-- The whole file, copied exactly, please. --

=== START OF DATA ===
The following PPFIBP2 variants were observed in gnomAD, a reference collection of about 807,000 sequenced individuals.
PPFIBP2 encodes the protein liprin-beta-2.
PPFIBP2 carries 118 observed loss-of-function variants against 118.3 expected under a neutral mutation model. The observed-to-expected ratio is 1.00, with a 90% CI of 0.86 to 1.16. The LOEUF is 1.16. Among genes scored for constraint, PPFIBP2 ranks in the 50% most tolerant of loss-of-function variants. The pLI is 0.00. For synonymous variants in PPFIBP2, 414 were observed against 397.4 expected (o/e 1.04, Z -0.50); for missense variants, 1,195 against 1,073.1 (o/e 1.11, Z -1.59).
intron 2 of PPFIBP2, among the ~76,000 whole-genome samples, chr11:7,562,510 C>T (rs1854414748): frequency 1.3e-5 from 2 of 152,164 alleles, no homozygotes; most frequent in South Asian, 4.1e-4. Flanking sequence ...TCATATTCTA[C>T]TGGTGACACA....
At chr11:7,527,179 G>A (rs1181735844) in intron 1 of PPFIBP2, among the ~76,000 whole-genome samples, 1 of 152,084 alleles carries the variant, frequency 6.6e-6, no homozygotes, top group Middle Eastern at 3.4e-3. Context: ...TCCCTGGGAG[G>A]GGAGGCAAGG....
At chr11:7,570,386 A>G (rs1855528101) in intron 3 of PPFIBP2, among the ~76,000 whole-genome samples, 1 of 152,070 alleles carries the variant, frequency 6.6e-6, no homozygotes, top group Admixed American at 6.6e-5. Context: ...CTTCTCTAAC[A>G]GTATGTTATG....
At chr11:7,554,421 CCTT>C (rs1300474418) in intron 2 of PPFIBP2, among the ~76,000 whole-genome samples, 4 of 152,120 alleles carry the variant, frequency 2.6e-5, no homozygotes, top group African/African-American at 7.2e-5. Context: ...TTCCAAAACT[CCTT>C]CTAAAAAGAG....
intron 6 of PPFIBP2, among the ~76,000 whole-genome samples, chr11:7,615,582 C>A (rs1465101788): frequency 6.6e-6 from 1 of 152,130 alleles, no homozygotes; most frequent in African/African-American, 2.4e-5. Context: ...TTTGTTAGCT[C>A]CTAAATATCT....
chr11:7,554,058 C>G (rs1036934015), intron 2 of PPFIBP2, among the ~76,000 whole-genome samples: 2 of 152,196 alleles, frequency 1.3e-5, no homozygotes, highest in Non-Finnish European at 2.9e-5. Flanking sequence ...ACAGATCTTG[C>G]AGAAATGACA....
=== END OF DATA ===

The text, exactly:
The following PPFIBP2 variants were observed in gnomAD, a reference collection of about 807,000 sequenced individuals.
PPFIBP2 encodes the protein liprin-beta-2.
PPFIBP2 carries 118 observed loss-of-function variants against 118.3 expected under a neutral mutation model. The observed-to-expected ratio is 1.00, with a 90% CI of 0.86 to 1.16. The LOEUF is 1.16. Among genes scored for constraint, PPFIBP2 ranks in the 50% most tolerant of loss-of-function variants. The pLI is 0.00. For synonymous variants in PPFIBP2, 414 were observed against 397.4 expected (o/e 1.04, Z -0.50); for missense variants, 1,195 against 1,073.1 (o/e 1.11, Z -1.59).
intron 2 of PPFIBP2, among the ~76,000 whole-genome samples, chr11:7,562,510 C>T (rs1854414748): frequency 1.3e-5 from 2 of 152,164 alleles, no homozygotes; most frequent in South Asian, 4.1e-4. Flanking sequence ...TCATATTCTA[C>T]TGGTGACACA....
At chr11:7,527,179 G>A (rs1181735844) in intron 1 of PPFIBP2, among the ~76,000 whole-genome samples, 1 of 152,084 alleles carries the variant, frequency 6.6e-6, no homozygotes, top group Middle Eastern at 3.4e-3. Context: ...TCCCTGGGAG[G>A]GGAGGCAAGG....
At chr11:7,570,386 A>G (rs1855528101) in intron 3 of PPFIBP2, among the ~76,000 whole-genome samples, 1 of 152,070 alleles carries the variant, frequency 6.6e-6, no homozygotes, top group Admixed American at 6.6e-5. Context: ...CTTCTCTAAC[A>G]GTATGTTATG....
At chr11:7,554,421 CCTT>C (rs1300474418) in intron 2 of PPFIBP2, among the ~76,000 whole-genome samples, 4 of 152,120 alleles carry the variant, frequency 2.6e-5, no homozygotes, top group African/African-American at 7.2e-5. Context: ...TTCCAAAACT[CCTT>C]CTAAAAAGAG....
intron 6 of PPFIBP2, among the ~76,000 whole-genome samples, chr11:7,615,582 C>A (rs1465101788): frequency 6.6e-6 from 1 of 152,130 alleles, no homozygotes; most frequent in African/African-American, 2.4e-5. Context: ...TTTGTTAGCT[C>A]CTAAATATCT....
chr11:7,554,058 C>G (rs1036934015), intron 2 of PPFIBP2, among the ~76,000 whole-genome samples: 2 of 152,196 alleles, frequency 1.3e-5, no homozygotes, highest in Non-Finnish European at 2.9e-5. Flanking sequence ...ACAGATCTTG[C>G]AGAAATGACA....